Let $A\in\mathbb{R}^{n\times n}$ be an real symmetric matrix with eigenvalues $\lambda_1, \lambda_2, \cdots, \lambda_n$ with some of which be nonzero and repeated, i.e., there exist $\lambda_i \ne 0$ with its algebraic multiplicity larger than 1.


Is it possible to find a real positive diagonal matrix $D\in\mathbb{R}^{n\times n}$ such that all nonzero eigenvalues in $DAD$ have algebraic multiplicity 1?


I am currently considering deeming this as a $\text{rank}(A)$ perturbation such that $DAD=A+A\odot (xx^T-11^T)$ with $D = \text{diag}(x)$, though it does not reduce the problem complexity to me since the perturbation still depends on $A$.

I also think that it is possibly true that if $D$ has distinct diagonal entries, then the eigenvalues of the product $DAD$ are distinct. However, a counter example is the simple case $A = \text{diag}(1, 1, 4, 0)$ and $D = \text{diag}(2, 3, 1, 4)$ resulting in $DAD = \text{diag}(4, 9, 4, 0)$ with new repeated nonzero eigenvalues. I wonder whether this is a rare case if $A$ is not a diagonal matrix and how rare these scenarios are.

I am well aware Ostrowski's inequality as $DAD$ and $A$ are congruent. But that only provides me an upper bound and lower bound of eigenvalues of $DAD$ and does not suggest if those nonzero eigenvalues will be distinct.

Any insights, references, or suggestions for further reading would be greatly appreciated.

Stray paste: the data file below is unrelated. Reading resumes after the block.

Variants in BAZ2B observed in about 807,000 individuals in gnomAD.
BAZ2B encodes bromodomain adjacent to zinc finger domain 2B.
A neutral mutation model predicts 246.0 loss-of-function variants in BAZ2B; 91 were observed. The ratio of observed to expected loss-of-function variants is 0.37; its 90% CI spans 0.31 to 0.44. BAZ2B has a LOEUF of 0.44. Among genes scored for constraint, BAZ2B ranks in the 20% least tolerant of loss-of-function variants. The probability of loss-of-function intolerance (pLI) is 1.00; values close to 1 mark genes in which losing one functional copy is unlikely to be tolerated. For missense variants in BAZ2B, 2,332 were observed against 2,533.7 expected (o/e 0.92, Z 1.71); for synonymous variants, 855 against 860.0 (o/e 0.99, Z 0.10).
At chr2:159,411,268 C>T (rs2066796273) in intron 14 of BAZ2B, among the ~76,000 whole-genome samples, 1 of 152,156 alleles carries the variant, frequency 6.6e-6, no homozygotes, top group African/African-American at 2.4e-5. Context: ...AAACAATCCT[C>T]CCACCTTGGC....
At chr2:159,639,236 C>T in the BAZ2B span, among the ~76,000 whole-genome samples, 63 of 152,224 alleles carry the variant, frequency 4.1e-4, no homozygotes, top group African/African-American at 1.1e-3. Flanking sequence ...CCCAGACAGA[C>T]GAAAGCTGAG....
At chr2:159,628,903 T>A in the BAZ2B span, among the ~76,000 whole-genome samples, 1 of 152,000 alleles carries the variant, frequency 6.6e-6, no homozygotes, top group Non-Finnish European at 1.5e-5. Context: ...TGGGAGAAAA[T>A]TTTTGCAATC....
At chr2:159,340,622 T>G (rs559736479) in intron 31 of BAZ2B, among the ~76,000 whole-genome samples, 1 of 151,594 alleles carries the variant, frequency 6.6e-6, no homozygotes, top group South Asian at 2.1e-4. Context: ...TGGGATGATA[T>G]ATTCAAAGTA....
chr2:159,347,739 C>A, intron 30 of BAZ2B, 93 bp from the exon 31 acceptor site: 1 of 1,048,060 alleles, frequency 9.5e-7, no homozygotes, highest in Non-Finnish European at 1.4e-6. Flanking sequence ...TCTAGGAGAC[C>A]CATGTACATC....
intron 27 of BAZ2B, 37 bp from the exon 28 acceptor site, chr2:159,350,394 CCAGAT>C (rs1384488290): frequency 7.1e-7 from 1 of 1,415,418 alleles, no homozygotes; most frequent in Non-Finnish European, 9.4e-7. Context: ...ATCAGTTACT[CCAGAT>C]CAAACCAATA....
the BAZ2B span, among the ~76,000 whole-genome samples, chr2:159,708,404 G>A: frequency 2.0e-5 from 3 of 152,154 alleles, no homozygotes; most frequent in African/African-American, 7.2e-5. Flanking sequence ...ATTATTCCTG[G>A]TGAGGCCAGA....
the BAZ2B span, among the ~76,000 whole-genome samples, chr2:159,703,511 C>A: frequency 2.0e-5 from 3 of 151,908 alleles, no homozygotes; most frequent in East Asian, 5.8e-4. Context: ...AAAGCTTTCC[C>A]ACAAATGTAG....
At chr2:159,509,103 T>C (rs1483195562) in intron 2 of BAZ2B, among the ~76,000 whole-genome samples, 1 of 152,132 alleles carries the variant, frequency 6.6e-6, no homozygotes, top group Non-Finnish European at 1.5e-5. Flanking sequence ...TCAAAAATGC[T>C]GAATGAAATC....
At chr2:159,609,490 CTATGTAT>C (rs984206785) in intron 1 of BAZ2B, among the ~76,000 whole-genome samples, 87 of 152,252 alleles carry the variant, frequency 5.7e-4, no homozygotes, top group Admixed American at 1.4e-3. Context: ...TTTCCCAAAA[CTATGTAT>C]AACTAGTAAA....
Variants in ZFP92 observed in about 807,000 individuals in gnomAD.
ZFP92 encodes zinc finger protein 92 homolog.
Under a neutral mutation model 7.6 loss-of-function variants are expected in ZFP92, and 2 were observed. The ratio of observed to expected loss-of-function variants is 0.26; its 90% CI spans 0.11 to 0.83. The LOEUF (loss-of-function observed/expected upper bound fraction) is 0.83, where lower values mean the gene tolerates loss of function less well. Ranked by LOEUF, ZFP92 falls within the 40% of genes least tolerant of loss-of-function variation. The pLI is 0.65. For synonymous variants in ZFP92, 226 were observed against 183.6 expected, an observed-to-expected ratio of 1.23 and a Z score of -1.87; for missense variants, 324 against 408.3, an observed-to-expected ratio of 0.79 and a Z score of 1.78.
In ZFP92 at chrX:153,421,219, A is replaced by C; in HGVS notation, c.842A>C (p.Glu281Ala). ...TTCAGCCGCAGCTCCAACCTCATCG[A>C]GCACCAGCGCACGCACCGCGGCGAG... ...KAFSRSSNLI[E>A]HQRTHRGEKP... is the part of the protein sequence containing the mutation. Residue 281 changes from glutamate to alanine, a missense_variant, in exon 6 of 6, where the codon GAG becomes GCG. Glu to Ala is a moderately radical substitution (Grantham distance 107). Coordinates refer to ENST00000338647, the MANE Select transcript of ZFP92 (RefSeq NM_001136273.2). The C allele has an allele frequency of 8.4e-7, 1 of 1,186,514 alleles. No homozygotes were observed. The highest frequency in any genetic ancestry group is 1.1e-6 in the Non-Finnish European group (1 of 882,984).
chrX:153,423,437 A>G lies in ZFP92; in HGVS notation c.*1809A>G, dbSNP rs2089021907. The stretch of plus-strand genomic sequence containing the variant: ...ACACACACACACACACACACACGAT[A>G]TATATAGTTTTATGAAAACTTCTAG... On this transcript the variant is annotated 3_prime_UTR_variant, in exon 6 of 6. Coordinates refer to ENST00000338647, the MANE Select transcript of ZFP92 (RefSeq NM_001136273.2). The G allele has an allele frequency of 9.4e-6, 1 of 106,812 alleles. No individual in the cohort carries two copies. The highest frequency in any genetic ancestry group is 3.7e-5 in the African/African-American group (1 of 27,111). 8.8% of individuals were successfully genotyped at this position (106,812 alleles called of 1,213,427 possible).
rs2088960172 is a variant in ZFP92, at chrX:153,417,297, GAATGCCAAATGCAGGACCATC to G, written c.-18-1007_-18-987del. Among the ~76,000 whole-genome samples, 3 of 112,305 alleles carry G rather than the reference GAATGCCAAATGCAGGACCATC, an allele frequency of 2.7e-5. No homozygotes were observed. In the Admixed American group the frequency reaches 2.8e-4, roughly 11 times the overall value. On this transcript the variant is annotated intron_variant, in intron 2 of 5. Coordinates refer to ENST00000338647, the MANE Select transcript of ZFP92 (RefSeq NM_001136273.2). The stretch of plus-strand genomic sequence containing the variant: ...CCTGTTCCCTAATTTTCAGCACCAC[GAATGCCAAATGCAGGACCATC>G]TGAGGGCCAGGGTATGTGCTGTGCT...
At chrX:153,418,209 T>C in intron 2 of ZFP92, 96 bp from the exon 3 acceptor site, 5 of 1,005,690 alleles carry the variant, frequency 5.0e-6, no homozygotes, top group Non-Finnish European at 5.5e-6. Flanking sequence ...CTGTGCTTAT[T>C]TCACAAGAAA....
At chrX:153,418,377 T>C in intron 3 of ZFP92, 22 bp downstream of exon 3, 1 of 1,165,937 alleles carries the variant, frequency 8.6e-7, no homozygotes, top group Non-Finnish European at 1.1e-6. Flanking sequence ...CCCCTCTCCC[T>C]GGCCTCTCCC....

Related post: [1]

  • $\begingroup$ What happens when you take something like the Jacobian of the spectrum $\sigma(\text{diag}(x_1,\dots,x_n)\cdot A\cdot \text{diag}(x_1,\dots,x_n))$ at $(x_1,\dots,x_n)=(1,\dots,1)$? $\endgroup$ Commented Sep 7, 2023 at 2:21

1 Answer 1


We can do this by (degenerate) first order perturbation theory. Let's take $D=1+\epsilon C$, with $\epsilon\not=0$ small and $C$ also diagonal. Then $$ DAD = A +\epsilon(CA+AC) + O(\epsilon^2) . $$ Let's focus on a multiple eigenvalue $\lambda$, with eigenvector basis $v_1,\ldots ,v_k$. Perturbation theory says that in first order, the $k$ copies of $\lambda$ will be moved to $\lambda+\epsilon\mu_j$. Here, the $\mu_j$ are the eigenvalues of $CA+AC$, compressed to $L(v_1,\ldots, v_k)$. In other words, they are the eigenvalues of the $k\times k$ matrix with entries $$ \langle v_j, (CA+AC) v_m\rangle = 2\lambda \langle v_j, Cv_m\rangle . $$

Now we only need to make sure that not all the $\mu_j$ are equal to one another to at least remove some of the degeneracies. This we can of course easily do, for example by taking $C$ as a suitable rank $1$ matrix.

We have reduced $\sum (n(\lambda)-1)$ (with $n(\lambda)$ denoting the multiplicity of $\lambda$) by at least $1$; notice here that for any fixed $C$, our perturbation will never introduce new degeneracies, provided we take $\epsilon$ small enough. Finally, repeating this whole step will eventually get us to a matrix with no degeneracies other than possibly $\lambda=0$.

Note also that this argument does not work for $\lambda=0$, which is exactly as it must be since of course a multiple eigenvalue $\lambda=0$ can not be moved by such a multiplicative perturbation.

  • $\begingroup$ My use of perturbation theory here is done the physicist's way, but fully rigorous treatments are also possible. Standard references are Kato and Reed-Simon, vol. 4. $\endgroup$ Commented Sep 7, 2023 at 15:49

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